By Tom Schlichter
What is it about white perch that make them such a favorite of Long Island’s winter angling enthusiasts? Surely, part of the attraction centers around their availability, being that these are one of the few willing local species found within casting distance of the shore throughout the colder months.
Still, there’s more to it, I think. When thoughts of perching start to rumble through my head I get enthused over the possibility of fast action yet I’m equally enthralled with the challenge of finding the pugnacious little monsters. As any local white perch veteran will tell you, these fish might occupy any of their usual hotspots such as Mill Basin, Santapogue Creek (aka, Taco Bell Creek,) Connetquot River, Carmans River, Nissequogue River or the tidal creeks that trickle into Mecox Bay one week and simply vanish the next. In other words, it’s never quite a sure thing.
Ofen, too, there is the ferocity factor – or lack of same on certain days. When white perch are in a feeding mood they’ll smack spinners, jigs, small balsa or plastic plugs and light-weight spoons. When the bite grows tough, usually during periods of prolonged cold or when the sh are heavily pressured, three-inch segments of night crawler, small live killies, shiners or grass shrimp baits may be needed to ignite their interest.
The possibility of sight fishing is yet another point that draws me into this game as these fish will sometimes school in shallow water near the head of a creek or just below a dam separating brackish water from fresh. At these times it is possible to stalk the pods and cast to them using the long wand and a scud, shrimp or small, sparse epoxy minnow pattern.
Diminutive cousins of striped bass, white perch (Morone Americana) in our brackish waters can grow to over 17 inches and nearly 3 pounds but typically measure 6 to 10 inches and weigh in at three-quarters- of-a-pound to a pound- and-a-half. Easy to identify, they have silvery flanks with a darker back, small teeth and a slightly projecting lower jaw. Their dorsal fins are separated and their anal fin possesses three strong spines. Their range covers Nova Scotia to the Carolinas, but they are most numerous from eastern Long Island to Chesapeake Bay. Semi-anadromous, they migrate to tidal fresh and slightly brackish waters during the colder months where they’ll spawn later in the spring from March through early June. Males usually mature by age two and females by age three, with females producing from 50,000 – 150,000 eggs over a period of two to three weeks. No flash in the pan, these fish typically live for eight to ten years. That means big fish have been around for a while, a point to be seriously considered if you creel more than a couple as it takes years to replace the biggest ones.
Despite the challenges associated with working up some winter whites, it’s important to not over-think the process. Basically, these are saltwater pan sh and, while being aware of their quarks, you should treat them as such. Start by probing known hot spots, looking for primary pools, dam areas, eddies or the deeper side of a twist in a tidal creek to test the waters. As with many species of fish that inhabit shallow environs, expect the perch to bite best early and late in the day and to show a preference for overcast skies over bluebird days. In areas of significant tidal influence, the start of outgoing water o en produces best, although the bottom of the tide shouldn’t necessarily be discounted as it pockets the sh when water draws down.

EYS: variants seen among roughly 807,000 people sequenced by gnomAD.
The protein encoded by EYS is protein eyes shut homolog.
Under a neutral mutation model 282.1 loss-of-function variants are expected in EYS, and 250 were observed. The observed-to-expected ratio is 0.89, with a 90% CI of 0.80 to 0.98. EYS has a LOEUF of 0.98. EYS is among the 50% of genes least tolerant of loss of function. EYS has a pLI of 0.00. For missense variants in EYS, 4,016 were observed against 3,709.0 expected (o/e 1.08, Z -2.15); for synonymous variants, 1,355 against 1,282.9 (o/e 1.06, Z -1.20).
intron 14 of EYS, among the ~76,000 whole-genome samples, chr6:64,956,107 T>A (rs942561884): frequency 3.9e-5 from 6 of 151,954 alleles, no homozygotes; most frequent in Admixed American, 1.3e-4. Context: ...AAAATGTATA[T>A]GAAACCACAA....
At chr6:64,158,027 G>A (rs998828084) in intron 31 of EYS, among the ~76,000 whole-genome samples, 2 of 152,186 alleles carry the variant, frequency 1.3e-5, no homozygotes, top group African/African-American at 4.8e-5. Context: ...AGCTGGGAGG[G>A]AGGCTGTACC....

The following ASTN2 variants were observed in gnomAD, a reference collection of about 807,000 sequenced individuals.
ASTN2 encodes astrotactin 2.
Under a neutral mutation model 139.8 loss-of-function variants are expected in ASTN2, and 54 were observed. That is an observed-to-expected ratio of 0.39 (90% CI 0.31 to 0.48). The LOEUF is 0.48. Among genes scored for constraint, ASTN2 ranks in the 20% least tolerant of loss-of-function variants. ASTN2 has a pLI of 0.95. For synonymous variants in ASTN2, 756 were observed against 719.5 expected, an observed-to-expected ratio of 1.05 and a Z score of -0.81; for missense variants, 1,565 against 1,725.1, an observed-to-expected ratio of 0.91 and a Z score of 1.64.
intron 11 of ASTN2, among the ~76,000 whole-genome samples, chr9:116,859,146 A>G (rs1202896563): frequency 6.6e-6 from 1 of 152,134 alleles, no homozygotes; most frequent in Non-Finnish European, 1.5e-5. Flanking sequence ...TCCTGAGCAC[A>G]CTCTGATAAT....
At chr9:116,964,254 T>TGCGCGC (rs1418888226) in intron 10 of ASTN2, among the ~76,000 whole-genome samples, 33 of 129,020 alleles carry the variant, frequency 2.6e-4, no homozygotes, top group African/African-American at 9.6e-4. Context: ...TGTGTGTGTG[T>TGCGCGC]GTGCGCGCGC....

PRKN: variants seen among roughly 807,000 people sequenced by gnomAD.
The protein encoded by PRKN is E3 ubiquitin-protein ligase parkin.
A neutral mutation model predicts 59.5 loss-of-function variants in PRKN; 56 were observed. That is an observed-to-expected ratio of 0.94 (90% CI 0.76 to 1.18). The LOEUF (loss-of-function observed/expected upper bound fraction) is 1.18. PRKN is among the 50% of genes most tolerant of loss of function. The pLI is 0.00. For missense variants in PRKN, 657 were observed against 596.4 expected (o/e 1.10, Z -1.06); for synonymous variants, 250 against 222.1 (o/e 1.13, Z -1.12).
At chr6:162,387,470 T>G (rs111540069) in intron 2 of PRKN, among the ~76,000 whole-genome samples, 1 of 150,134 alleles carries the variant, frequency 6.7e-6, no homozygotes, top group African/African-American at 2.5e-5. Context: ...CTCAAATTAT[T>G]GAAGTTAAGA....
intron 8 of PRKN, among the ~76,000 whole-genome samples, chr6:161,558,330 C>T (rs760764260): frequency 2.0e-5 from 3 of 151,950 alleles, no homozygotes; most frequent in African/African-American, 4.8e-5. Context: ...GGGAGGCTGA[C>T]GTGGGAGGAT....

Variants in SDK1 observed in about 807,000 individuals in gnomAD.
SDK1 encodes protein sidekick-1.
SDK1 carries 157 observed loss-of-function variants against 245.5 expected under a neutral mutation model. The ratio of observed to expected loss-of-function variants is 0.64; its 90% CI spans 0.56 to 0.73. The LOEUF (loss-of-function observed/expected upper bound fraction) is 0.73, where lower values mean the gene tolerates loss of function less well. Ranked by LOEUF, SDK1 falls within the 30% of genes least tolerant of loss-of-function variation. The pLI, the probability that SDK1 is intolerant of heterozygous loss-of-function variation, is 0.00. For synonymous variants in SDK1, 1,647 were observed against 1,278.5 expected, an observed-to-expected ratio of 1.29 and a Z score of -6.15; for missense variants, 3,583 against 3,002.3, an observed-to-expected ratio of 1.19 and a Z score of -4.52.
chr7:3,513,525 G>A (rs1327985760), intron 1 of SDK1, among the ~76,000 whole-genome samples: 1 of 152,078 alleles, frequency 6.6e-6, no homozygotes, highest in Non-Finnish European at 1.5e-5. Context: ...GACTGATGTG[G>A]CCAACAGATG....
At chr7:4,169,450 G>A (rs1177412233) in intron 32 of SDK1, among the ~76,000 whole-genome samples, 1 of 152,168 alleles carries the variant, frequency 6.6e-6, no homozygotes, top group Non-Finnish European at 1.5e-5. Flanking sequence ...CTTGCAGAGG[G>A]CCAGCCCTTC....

Of course, it helps to be a little creative during your prospecting. Kayak paddlers and jon boat fans, for instance, have a clear advantage over landlubbers because they have access to more water. Still, methodically probing openings along river banks and tidal creeks at road ends, parklands, open lots and other access points can result in some pretty impressive catches even for those who search on foot.
Look for the perch and an occasional school bass to hold in the deepest creek water you can find. Often this will be where creeks bend or pinch and a small swath of bottom is carved away by the current. Don’t overlook bridges and culverts as being possible honey holes and any pocket where you catch school stripers in early spring is worth investigating. Above all, don’t be overwhelmed with all the possibilities of where the perch can be found. Pick a spot or two, get some lines in the water, and give each potential honey hole a serious try before moving onto the next possibility.
Rigging for white perch works best when simple. If opting for bait instead of lures, use a standard bottom rig with a one-quarter-ounce bell sinker and a size four, pre-snelled beak-style hook tied six to ten inches above the weight. You can cast this rig as far as you’ll ever need with six- to ten- pound test lines on spinning setup suited to freshwater bass or trout fishing. Half a night crawler works great for bait. If you prefer greater challenge, opt for four- to six-pound test line and a small spinner or one-eighth-ounce jig-head sporting a small curly tailed grub. Tip the jig with a piece of worm or, if you can find them along a local bulkhead, a single fresh grass shrimp.
White perch action is already off to a solid start this year, so there’s no time like the present to get out and give them a try. Remember, it is possible to put a serious hurt on the perch population by removing too many so don’t get greedy. There is no shame in letting the small ones go or even in putting back some of the bigger, egg-laden breeders that you’ll catch over the next few months. Many anglers, in fact, release all they catch.
By Tom Schlichter